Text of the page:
Paneaus monodon (Black Tiger) used in CSIRO's prawn feeding research program.

Paneaus monodon (Black Tiger) used in CSIRO's prawn feeding research program.

Dissecting the dining habits of prawns

Reference: 09/141

What sound does a prawn make when it eats? How much food can one prawn devour in a day?

  • 13 August 2009

The secret feeding habits of farmed prawns will be investigated as a part of a new CSIRO research collaboration with an Australian company to develop aquaculture technologies that could revolutionise the prawn farming industry.

The goal is to increase yields, enhance sustainability and improve the health and quality of aquaculture prawns by developing and applying the best high-tech marine Research and Development available.

“More efficient feeding of prawns will reduce cost, waste and potential contamination of the environment around farms from nutrient rich effluent,” Dr Lee said.

CSIRO Food Futures National Research Flagship Director Dr Bruce Lee said CSIRO was designing video and audio analysis techniques to automatically measure how much feed farmed prawns consume and how much they grow as a result.

“More efficient feeding of prawns will reduce cost, waste and potential contamination of the environment around farms from nutrient rich effluent,” Dr Lee said.

Food Futures Flagship Research Group Leader Dr Nigel Preston said the key to increasing prawn yields, and improving their health and quality is developing a better understanding of their feeding habits in farm ponds.

“To achieve this we are developing software which uses mathematical algorithms to analyse prawn consumption and growth patterns,” Dr Preston said.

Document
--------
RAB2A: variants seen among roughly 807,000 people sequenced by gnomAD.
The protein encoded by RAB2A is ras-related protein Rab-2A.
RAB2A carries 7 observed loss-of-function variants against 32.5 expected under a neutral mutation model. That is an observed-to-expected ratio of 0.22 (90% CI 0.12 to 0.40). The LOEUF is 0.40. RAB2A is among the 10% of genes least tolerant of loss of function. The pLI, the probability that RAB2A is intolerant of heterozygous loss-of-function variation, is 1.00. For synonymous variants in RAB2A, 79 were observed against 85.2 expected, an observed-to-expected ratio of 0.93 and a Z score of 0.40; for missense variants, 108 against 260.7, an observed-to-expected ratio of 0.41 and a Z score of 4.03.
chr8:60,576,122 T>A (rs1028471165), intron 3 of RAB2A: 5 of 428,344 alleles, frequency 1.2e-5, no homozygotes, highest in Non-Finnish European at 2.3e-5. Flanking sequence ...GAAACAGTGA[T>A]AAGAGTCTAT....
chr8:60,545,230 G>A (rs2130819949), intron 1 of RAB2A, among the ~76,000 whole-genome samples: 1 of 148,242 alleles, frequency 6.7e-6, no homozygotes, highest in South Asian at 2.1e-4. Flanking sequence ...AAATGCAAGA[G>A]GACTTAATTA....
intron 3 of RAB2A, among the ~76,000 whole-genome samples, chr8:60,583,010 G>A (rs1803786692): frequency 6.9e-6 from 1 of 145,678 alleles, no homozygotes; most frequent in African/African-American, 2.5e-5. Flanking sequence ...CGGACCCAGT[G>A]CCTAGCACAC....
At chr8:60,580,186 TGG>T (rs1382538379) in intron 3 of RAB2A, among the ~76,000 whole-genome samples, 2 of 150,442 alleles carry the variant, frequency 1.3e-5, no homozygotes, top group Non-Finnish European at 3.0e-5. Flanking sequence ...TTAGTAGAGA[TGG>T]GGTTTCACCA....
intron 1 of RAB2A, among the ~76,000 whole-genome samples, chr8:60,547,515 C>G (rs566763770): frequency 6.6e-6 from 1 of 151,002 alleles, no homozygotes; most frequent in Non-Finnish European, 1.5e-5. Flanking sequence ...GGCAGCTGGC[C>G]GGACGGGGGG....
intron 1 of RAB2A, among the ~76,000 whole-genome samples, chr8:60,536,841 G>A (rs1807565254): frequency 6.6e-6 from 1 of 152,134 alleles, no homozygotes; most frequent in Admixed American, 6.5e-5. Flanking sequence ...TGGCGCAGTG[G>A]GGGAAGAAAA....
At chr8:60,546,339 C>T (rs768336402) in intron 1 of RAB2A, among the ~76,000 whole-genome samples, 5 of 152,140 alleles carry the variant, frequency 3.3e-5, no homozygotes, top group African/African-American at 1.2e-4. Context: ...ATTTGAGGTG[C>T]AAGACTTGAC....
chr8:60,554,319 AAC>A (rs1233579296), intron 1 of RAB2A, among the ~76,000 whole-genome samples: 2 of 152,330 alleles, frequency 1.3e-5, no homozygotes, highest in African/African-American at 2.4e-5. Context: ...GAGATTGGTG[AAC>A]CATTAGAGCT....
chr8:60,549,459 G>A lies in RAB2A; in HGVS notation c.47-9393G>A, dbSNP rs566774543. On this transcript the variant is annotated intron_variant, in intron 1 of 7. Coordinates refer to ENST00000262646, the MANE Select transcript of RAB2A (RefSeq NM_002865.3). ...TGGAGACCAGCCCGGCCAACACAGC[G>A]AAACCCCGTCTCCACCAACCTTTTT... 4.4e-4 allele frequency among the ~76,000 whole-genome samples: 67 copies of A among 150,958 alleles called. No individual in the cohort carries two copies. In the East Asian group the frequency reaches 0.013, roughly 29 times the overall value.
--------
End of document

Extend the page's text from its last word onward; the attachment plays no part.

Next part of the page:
CEO of Hobart-based marine aquaculture technology company AQ1 Systems Ross Dodd said that “from the perspective of the technology used to farm prawns, the industry is currently back where the salmon industry was 15 years ago”.

“The demand for farmed prawns is expected to increase rapidly, but the industry is still heavily reliant on manual labour and unsophisticated feed management systems,” Mr Dodd said.

This research involves developing software to analyse the sound prawns make when they eat.

CSIRO’s Information and Communication Technologies Centre’s Dr Stephen Giugni said this sound is a bit like hearing oil popping in a pan.

“While still at an early stage, we hope this audio information will reveal many aspects of prawn behaviour, including which feed the prawns prefer and how the biomass moves around a pond throughout the day,” Dr Giugni said.

Apart from establishing a technology platform with potential application across many types of aquaculture, this partnership should generate significant revenue for an Australian small business and add around $20 million per year to the Australian prawn industry’s profits.

”If the technology proves viable, this partnership is well positioned to revolutionise the prawn farming industry not only in Australia, but internationally,” Mr Dodd said.

AQ1 will receive investment funds of more than one million dollars through CSIRO’s Australian Growth Partnership program, which is designed to provide capital to high potential small- to medium-size enterprises that have an alignment with CSIRO’s Flagship programs.

National Research Flagships

CSIRO initiated the National Research Flagships to provide science-based solutions in response to Australia’s major research challenges and opportunities. The 10 Flagships form multidisciplinary teams with industry and the research community to deliver impact and benefits for Australia.

CSIRO’s ICT Centre has a specific focus on Flagship projects in Tasmania where operations are jointly funded by the Australian Government through the Intelligent Island Program.

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